Let's start with NGC133 on the bottom-left (also see the bottom image with labels). It's a fairly poor cluster with only 13 identified members, based on the stars' proper motions and properties. Yet, it's an extremely young cluster with an estimated age of just about ten million years. The bright and hot youngsters are shining at us from a distance of 2,000 light-years.

Next, we movea bit up and towards the centre of the field of view, to find NGC146. Clearly this is a much richer cluster which may contain up to 200 members. The relative faintness of its stars, compared to NGC133, suggests that it lies a lot further away from us, and this is indeed what we find. The average of the various distance measurements places it some 9,300 light-years away from us. Abeit still very young, with an estimated age of 63 million years it's much older than its apparent neighbour. When I come to think of it, this cluster was formed at the time of the cataclism that caused the extinction of the dinosaurs!  

Now let's move down again, and even more towards the centre of the field of view. There lies the most obscure member of the three which doesn't have a New General Catalogue number but just bears the name of its discoverer: King 14. Being the least known of the three, it appeared as the most intriguing and perhaps even the most beautiful of the three, to my humble opinion. Fairly rich and slightly denser than NGC146, it offers a myriad of lanes and structures which are a lovely sight in any telescope. It lies somewhat closer to us as regards to NGC146, with an average estimate of 8,300 light-years. Still considerable I would say. Its estimated age of 32 million years also lies almost halfway between those of NGC133 and NGC146.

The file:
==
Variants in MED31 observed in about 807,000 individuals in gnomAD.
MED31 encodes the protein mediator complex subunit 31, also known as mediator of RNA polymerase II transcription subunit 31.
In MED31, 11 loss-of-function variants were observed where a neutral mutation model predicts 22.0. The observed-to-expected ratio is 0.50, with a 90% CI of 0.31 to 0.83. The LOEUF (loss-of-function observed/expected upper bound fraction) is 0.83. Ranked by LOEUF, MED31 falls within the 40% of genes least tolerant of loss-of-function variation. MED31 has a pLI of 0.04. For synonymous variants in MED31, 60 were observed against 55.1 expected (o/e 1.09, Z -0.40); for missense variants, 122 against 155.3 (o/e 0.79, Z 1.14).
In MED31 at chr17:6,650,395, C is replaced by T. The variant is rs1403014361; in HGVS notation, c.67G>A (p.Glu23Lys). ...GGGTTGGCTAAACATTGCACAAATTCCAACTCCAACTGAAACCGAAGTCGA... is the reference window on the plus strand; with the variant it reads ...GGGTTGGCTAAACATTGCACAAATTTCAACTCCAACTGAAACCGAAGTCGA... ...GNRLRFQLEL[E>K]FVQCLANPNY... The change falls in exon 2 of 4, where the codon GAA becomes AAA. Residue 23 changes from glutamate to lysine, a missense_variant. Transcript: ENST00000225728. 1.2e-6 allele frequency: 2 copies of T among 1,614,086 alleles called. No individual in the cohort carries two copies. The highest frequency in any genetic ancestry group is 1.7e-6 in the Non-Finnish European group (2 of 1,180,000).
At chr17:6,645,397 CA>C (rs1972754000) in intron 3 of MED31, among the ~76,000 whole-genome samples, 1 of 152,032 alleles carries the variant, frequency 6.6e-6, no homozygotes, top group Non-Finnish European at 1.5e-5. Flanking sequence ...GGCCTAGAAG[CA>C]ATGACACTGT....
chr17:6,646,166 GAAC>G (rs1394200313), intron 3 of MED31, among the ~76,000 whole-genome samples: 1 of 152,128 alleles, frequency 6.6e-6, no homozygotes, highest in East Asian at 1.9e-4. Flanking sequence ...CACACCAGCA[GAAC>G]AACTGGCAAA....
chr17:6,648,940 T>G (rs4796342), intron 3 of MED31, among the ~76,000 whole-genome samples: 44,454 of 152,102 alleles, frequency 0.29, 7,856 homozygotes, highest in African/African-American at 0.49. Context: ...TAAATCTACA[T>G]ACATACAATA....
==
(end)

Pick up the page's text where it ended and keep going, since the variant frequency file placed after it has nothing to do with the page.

Also note the bright star Kappa Cassiopeiae on the bottom-right. It looks like an ordinary star, just one of millions, barely visible to the naked eye under suburban skies. But what if I tell you that this star still still shines so relatively brightly from a distance of... 4,700 light-years? It looks brighter in our sky from its considerable distance than our Sun would shine from a distance of merely 30 light-years! What if I tell you that this star is one of the heaviest giants known, yielding a whopping 23 solar masses, and that its surface temperature's 4 times hotter than our Sun's? For the moment, this star's still very young, but being such an enormous giant it will burn its fuel in just a few million years and not much after that it will most certainly explode as a supernova!